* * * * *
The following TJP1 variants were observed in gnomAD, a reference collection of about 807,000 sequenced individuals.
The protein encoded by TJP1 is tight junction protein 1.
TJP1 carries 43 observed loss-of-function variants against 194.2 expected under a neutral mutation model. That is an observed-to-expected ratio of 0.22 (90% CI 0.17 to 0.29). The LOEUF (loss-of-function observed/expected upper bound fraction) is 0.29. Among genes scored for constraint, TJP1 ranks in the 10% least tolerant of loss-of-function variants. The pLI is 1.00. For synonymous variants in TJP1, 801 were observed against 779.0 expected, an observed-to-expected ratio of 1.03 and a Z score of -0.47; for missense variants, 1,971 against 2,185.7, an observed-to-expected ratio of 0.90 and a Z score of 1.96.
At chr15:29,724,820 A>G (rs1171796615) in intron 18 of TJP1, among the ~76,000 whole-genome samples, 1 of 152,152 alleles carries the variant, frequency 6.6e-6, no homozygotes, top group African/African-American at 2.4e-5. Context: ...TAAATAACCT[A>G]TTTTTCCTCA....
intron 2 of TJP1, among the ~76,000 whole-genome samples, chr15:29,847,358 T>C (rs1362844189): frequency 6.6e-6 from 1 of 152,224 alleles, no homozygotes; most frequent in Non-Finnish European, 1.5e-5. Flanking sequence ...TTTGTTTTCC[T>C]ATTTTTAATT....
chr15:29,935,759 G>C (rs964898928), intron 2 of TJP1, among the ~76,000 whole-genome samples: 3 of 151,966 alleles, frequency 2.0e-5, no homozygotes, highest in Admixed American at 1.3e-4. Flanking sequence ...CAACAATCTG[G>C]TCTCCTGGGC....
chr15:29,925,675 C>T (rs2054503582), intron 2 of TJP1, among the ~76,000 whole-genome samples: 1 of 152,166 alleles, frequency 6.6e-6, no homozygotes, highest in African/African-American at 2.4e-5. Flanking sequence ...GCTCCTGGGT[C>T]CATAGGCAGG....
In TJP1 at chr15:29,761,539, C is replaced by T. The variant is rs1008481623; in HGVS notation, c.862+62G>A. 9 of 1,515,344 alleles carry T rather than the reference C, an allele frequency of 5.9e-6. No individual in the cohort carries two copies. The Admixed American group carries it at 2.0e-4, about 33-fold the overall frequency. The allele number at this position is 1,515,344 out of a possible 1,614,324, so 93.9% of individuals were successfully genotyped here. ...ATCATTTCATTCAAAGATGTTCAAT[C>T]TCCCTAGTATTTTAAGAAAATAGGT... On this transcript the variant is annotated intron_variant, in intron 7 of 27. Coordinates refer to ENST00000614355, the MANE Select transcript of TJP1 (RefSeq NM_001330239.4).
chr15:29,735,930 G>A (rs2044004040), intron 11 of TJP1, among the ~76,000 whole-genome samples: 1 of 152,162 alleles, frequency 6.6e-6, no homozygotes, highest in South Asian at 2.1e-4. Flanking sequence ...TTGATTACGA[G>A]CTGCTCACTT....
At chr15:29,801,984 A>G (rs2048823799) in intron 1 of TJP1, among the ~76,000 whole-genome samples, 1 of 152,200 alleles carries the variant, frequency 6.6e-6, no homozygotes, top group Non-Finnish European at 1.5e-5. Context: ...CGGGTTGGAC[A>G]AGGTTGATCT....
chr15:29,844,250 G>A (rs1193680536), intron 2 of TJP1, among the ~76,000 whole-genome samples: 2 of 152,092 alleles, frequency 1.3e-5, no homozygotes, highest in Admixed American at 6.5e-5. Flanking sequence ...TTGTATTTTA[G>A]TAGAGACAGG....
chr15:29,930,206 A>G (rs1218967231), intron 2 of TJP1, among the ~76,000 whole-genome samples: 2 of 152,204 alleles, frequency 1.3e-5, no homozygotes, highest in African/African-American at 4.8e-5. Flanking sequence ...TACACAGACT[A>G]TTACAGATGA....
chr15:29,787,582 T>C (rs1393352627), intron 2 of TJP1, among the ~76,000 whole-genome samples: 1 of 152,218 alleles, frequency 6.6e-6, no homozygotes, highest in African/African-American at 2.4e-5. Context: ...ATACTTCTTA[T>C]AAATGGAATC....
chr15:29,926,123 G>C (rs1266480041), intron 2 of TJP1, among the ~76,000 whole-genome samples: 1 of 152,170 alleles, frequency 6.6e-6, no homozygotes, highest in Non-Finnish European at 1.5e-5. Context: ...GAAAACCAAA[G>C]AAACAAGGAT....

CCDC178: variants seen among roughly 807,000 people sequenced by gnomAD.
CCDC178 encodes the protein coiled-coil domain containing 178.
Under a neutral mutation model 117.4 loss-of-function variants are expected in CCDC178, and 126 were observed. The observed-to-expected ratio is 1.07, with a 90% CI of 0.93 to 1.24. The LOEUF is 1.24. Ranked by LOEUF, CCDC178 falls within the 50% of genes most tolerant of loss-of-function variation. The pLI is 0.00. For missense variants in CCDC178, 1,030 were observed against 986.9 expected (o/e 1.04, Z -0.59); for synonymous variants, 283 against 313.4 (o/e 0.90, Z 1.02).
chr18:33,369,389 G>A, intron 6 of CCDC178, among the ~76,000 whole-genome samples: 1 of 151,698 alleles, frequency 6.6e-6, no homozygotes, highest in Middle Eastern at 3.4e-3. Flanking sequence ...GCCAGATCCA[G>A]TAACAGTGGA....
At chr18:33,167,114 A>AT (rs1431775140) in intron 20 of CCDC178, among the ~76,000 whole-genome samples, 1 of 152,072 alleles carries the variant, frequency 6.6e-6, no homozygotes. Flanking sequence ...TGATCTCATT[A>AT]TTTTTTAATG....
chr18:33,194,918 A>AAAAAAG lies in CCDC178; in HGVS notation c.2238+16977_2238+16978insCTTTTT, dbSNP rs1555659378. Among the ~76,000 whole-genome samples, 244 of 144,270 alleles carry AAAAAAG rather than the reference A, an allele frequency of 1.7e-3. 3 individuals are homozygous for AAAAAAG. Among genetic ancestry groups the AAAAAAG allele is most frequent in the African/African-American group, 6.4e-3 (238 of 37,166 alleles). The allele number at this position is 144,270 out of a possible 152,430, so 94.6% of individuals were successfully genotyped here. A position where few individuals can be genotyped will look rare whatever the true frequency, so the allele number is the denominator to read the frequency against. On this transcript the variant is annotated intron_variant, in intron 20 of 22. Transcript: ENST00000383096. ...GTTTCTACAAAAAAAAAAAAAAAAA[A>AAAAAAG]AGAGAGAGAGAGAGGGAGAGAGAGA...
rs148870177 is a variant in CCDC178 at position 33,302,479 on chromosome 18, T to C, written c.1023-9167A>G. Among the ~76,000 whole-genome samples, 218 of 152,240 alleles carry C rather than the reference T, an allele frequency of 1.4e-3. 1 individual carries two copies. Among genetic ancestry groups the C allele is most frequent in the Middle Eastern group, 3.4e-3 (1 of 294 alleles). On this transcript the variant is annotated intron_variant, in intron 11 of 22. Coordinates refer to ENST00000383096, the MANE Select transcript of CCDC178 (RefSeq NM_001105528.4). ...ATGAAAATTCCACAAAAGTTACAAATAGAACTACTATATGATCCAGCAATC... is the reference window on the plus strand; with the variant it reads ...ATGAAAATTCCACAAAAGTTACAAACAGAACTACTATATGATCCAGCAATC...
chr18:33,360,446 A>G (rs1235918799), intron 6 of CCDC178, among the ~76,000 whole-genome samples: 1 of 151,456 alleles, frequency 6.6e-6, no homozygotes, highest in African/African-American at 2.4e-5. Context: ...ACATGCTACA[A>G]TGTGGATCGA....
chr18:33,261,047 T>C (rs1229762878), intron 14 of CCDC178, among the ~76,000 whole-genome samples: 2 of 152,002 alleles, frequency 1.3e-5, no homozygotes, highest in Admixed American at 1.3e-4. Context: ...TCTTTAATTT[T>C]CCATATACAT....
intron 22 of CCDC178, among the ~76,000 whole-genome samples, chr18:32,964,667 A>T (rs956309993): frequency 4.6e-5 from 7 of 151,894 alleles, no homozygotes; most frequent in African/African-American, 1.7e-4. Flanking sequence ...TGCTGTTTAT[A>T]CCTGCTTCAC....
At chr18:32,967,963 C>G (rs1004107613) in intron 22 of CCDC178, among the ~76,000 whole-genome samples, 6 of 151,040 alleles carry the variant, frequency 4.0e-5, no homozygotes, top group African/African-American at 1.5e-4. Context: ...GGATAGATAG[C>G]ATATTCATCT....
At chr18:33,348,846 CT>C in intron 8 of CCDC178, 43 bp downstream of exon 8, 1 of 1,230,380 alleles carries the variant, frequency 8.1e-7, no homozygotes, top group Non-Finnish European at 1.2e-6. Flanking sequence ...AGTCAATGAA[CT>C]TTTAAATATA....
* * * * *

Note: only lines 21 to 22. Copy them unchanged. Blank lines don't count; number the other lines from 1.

rs148870177 is a variant in CCDC178 at position 33,302,479 on chromosome 18, T to C, written c.1023-9167A>G. Among the ~76,000 whole-genome samples, 218 of 152,240 alleles carry C rather than the reference T, an allele frequency of 1.4e-3. 1 individual carries two copies. Among genetic ancestry groups the C allele is most frequent in the Middle Eastern group, 3.4e-3 (1 of 294 alleles). On this transcript the variant is annotated intron_variant, in intron 11 of 22. Coordinates refer to ENST00000383096, the MANE Select transcript of CCDC178 (RefSeq NM_001105528.4). ...ATGAAAATTCCACAAAAGTTACAAATAGAACTACTATATGATCCAGCAATC... is the reference window on the plus strand; with the variant it reads ...ATGAAAATTCCACAAAAGTTACAAACAGAACTACTATATGATCCAGCAATC...
chr18:33,360,446 A>G (rs1235918799), intron 6 of CCDC178, among the ~76,000 whole-genome samples: 1 of 151,456 alleles, frequency 6.6e-6, no homozygotes, highest in African/African-American at 2.4e-5. Context: ...ACATGCTACA[A>G]TGTGGATCGA....